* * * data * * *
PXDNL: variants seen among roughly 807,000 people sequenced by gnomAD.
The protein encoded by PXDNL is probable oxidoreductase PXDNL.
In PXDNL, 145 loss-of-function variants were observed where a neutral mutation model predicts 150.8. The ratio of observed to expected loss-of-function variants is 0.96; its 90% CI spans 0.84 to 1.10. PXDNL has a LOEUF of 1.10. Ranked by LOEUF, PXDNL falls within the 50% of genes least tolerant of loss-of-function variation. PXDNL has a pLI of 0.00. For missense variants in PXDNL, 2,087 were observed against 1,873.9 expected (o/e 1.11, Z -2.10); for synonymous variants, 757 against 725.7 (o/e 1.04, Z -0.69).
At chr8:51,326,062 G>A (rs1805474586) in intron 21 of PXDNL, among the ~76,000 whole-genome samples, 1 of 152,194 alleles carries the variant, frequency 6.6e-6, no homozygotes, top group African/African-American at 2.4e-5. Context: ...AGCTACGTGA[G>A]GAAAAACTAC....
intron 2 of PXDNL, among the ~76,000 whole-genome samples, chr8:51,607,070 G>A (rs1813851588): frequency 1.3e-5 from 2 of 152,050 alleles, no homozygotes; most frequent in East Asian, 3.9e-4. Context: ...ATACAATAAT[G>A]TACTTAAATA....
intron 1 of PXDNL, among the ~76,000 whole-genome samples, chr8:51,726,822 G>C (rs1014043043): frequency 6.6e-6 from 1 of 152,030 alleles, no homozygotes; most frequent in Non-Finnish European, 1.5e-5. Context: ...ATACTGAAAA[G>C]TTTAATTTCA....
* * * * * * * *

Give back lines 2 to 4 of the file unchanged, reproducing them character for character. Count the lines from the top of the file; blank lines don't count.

The protein encoded by PXDNL is probable oxidoreductase PXDNL.
In PXDNL, 145 loss-of-function variants were observed where a neutral mutation model predicts 150.8. The ratio of observed to expected loss-of-function variants is 0.96; its 90% CI spans 0.84 to 1.10. PXDNL has a LOEUF of 1.10. Ranked by LOEUF, PXDNL falls within the 50% of genes least tolerant of loss-of-function variation. PXDNL has a pLI of 0.00. For missense variants in PXDNL, 2,087 were observed against 1,873.9 expected (o/e 1.11, Z -2.10); for synonymous variants, 757 against 725.7 (o/e 1.04, Z -0.69).
At chr8:51,326,062 G>A (rs1805474586) in intron 21 of PXDNL, among the ~76,000 whole-genome samples, 1 of 152,194 alleles carries the variant, frequency 6.6e-6, no homozygotes, top group African/African-American at 2.4e-5. Context: ...AGCTACGTGA[G>A]GAAAAACTAC....